LAC standoff | Working with China to resolve border issue peacefully, says India

No traction for U.S. President Donald Trump’s mediation offer; Ministry of External Affairs spokesperson, however, did not respond to questions about whether Chinese troops remained in areas patrolled by India, particularly in the Galwan valley.

Indian and Chinese sides remain “engaged” through diplomatic and military channels in Delhi and Beijing and at the Line of Actual Control (LAC) in order to resolve the situation along the boundaries in Ladakh and Sikkim, the government said on Thursday.

Indicating that India would not accept U.S. President Donald Trump’s offer to mediate between the two countries, it said the matter was being discussed bilaterally.

“We are fully engaged with the Chinese side to peacefully resolve the issue,” said Ministry of External Affairs (MEA) spokesperson Anurag Srivastava when asked about Mr. Trump’s assertion that he had conveyed to India and China his willingness to “mediate or arbitrate” on the “raging border dispute” between them.

Position of PLA troops

While giving no details of the nature and extent of the standoff, which has been going for weeks, the MEA said the contact between both sides on the issue included talks in “Delhi and Beijing”. The spokesperson, however, did not respond to questions about whether Chinese troops remained in areas patrolled by India, particularly in the Galwan valley.

“India is committed to the objective of maintenance of peace and tranquillity in the border areas with China and our armed forces scrupulously follow the consensus reached by our leaders and the guidance provided. At the same time, we remain firm in our resolve to ensuring India’s sovereignty and national security,” Mr. Srivastava said.

The MEA’s comments came a day after the Chinese Ministry of Foreign Affairs said the situation at the LAC was “stable and controllable”. While declining to comment on the Chinese statement, the MEA spokesperson said the issues would be resolved according to five agreements on border management signed by India and China between 1993 and 2013.

“Indian troops take a very responsible approach towards border management and strictly follow the procedures laid out in various bilateral agreements and protocols with China to resolve any issue that may arise in the border areas,” said Mr. Srivastava in the most extensive comments made by the government thus far. “The two sides have established mechanisms both at military and diplomatic levels to resolve situations which may arise in border areas peacefully through dialogue and continue to remain engaged through these channels,” he added.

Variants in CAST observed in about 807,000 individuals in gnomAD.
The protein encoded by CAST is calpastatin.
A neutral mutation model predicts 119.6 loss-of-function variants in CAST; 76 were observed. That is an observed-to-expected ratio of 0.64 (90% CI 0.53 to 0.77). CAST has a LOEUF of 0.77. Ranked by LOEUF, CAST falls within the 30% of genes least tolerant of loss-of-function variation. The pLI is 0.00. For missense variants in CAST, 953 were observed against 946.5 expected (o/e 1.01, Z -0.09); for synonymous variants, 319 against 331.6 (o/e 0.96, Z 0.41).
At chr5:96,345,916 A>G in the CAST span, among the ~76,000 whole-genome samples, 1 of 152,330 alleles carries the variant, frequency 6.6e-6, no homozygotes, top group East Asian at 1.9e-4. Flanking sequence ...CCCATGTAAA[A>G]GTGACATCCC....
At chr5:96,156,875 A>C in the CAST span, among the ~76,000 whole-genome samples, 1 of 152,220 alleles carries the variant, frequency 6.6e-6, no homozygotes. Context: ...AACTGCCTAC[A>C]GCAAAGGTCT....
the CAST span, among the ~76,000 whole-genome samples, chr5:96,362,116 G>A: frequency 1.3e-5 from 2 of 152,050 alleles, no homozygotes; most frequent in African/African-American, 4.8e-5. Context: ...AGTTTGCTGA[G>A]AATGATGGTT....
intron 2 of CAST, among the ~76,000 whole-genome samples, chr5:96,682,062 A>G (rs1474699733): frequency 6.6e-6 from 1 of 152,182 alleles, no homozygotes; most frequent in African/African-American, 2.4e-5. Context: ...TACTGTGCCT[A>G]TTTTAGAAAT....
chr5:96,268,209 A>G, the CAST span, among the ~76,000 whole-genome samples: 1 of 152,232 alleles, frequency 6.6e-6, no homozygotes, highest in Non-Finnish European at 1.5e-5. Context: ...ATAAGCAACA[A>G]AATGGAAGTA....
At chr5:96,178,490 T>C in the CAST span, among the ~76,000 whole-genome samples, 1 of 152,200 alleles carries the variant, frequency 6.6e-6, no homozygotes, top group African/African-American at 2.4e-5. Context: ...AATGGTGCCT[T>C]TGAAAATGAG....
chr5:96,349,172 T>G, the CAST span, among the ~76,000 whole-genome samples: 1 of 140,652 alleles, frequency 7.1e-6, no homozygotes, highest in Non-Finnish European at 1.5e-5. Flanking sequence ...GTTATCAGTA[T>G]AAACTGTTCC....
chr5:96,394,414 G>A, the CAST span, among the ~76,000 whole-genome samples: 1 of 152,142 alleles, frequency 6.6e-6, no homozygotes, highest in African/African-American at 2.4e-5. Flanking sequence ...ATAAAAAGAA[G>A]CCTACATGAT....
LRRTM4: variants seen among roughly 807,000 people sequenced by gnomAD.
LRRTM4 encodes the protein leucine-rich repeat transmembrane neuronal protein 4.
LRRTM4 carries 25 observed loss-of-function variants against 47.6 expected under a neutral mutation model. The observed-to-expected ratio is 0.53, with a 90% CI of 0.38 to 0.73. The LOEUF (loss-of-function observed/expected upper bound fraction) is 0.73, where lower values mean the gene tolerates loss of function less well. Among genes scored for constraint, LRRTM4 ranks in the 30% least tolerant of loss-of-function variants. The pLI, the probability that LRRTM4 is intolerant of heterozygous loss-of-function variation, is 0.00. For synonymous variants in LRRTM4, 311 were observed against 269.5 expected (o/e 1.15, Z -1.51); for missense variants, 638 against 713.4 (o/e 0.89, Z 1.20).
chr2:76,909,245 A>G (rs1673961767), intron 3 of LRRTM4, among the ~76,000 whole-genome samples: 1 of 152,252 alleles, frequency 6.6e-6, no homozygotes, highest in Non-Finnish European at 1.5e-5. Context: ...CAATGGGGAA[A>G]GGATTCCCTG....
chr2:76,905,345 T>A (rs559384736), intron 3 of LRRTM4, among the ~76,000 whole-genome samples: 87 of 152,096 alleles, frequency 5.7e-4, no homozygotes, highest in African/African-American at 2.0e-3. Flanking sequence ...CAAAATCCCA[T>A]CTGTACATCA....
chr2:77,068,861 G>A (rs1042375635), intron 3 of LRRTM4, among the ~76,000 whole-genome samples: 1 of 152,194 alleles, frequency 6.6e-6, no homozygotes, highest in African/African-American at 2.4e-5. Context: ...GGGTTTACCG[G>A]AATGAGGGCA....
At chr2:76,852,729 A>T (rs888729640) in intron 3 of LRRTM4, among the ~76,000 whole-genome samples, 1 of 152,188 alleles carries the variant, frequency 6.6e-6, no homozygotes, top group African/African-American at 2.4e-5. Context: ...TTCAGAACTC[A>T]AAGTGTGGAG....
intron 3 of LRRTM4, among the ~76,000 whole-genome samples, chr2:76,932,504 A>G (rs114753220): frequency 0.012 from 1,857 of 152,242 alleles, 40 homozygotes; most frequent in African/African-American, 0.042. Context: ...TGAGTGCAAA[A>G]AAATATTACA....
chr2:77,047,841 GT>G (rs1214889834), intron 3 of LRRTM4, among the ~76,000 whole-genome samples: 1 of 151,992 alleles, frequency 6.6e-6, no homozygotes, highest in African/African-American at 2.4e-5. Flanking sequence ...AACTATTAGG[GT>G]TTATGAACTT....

The issues with China are likely to be a part of other diplomatic discussions for the government as well.

Speaking at the weekly briefing for journalists, the spokesperson confirmed that the Prime Minister will hold a virtual summit with Australian Premier Scott Morrison on June 4, where a number of bilateral and regional issues would be discussed. The two leaders are expected to announce a long-pending agreement on the reciprocal use of military bases between them. The two leaders will also discuss strengthening the Indo-Pacific partnership, where sources said China’s recent moves in the South China Sea, as well as the ongoing standoff at the LAC are likely to be discussed.

Meanwhile the MEA is also preparing for another virtual summit between Mr. Modi and the leaders of the European Union, which had to be put off in March this year due to the coronavirus pandemic. On Thursday, External Affairs Minister S. Jaishankar held a video conference with his EU counterpart Josep Borrell to discuss the agenda for the 15th EU-India summit, “which will be held as soon as possible,” a press release issued by the EU in Brussels said.

“[Mr. Jaishankar and Mr. Borrell] also discussed relevant foreign policy topics, including Afghanistan, China, and Iran,” said the statement.

With inputs from The Hindu